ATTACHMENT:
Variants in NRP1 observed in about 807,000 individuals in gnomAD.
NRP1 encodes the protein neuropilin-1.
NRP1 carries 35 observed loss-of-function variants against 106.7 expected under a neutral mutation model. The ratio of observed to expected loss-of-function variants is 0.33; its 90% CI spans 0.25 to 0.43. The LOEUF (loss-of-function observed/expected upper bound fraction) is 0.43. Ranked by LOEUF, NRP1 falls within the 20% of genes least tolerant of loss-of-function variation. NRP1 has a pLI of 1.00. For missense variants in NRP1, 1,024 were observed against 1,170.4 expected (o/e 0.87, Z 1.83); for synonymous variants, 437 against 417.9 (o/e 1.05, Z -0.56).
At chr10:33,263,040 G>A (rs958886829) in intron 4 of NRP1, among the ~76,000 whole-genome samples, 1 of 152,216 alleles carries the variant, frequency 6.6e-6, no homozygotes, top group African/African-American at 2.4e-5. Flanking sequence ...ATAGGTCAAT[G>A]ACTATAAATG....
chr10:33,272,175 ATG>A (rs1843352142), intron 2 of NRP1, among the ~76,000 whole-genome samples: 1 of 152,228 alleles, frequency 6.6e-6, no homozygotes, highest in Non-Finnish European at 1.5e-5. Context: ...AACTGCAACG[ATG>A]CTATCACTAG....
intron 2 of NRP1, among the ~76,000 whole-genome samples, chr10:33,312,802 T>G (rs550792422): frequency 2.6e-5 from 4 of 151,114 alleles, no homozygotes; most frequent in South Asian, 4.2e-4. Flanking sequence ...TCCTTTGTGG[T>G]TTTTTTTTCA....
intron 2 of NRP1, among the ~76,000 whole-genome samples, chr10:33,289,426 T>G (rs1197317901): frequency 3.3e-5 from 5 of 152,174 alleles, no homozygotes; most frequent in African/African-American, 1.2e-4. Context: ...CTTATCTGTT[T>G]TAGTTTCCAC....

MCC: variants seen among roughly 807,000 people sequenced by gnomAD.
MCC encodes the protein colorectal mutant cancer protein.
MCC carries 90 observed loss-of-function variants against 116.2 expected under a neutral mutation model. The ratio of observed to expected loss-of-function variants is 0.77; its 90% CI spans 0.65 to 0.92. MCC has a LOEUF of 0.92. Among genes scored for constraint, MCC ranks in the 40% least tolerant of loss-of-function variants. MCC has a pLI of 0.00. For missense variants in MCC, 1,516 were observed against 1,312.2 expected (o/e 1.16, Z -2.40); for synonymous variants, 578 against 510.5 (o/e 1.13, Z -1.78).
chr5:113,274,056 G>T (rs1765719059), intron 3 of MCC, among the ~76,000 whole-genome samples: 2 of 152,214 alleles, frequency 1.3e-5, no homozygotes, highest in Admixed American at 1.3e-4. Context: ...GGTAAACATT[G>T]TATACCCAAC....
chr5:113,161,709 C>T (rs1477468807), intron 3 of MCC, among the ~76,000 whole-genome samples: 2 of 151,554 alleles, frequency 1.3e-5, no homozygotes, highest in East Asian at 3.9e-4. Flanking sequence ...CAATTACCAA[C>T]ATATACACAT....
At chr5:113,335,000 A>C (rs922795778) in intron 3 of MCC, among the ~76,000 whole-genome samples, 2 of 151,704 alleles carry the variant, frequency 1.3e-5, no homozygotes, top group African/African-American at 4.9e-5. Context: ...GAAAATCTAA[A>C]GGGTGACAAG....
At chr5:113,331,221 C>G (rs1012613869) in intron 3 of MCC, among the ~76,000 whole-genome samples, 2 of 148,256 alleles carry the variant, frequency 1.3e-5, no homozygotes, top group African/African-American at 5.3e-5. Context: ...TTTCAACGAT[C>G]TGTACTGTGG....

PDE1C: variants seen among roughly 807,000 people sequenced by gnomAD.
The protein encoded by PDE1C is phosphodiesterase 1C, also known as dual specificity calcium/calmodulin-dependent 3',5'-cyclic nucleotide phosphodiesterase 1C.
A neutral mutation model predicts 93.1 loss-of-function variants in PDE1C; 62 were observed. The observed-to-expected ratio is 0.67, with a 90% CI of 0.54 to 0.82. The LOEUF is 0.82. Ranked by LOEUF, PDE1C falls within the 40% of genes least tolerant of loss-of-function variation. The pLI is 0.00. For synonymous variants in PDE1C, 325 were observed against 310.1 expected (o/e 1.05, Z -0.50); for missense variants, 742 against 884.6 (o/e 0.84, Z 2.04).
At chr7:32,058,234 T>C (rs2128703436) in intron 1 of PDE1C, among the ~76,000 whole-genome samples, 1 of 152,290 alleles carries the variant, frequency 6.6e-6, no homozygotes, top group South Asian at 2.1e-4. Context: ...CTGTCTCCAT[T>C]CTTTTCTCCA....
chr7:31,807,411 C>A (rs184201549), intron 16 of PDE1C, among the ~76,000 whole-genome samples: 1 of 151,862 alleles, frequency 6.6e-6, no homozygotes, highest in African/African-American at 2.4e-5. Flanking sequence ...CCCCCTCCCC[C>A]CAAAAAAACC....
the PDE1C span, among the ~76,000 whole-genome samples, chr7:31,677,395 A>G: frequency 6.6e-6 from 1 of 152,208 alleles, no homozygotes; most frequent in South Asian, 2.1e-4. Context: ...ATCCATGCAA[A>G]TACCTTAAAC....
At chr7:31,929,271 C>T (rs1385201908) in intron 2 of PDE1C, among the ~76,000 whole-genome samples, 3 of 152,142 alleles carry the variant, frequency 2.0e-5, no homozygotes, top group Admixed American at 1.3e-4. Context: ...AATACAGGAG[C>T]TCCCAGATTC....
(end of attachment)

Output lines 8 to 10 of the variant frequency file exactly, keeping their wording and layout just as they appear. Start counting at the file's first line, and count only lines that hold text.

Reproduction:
MCC: variants seen among roughly 807,000 people sequenced by gnomAD.
MCC encodes the protein colorectal mutant cancer protein.
MCC carries 90 observed loss-of-function variants against 116.2 expected under a neutral mutation model. The ratio of observed to expected loss-of-function variants is 0.77; its 90% CI spans 0.65 to 0.92. MCC has a LOEUF of 0.92. Among genes scored for constraint, MCC ranks in the 40% least tolerant of loss-of-function variants. MCC has a pLI of 0.00. For missense variants in MCC, 1,516 were observed against 1,312.2 expected (o/e 1.16, Z -2.40); for synonymous variants, 578 against 510.5 (o/e 1.13, Z -1.78).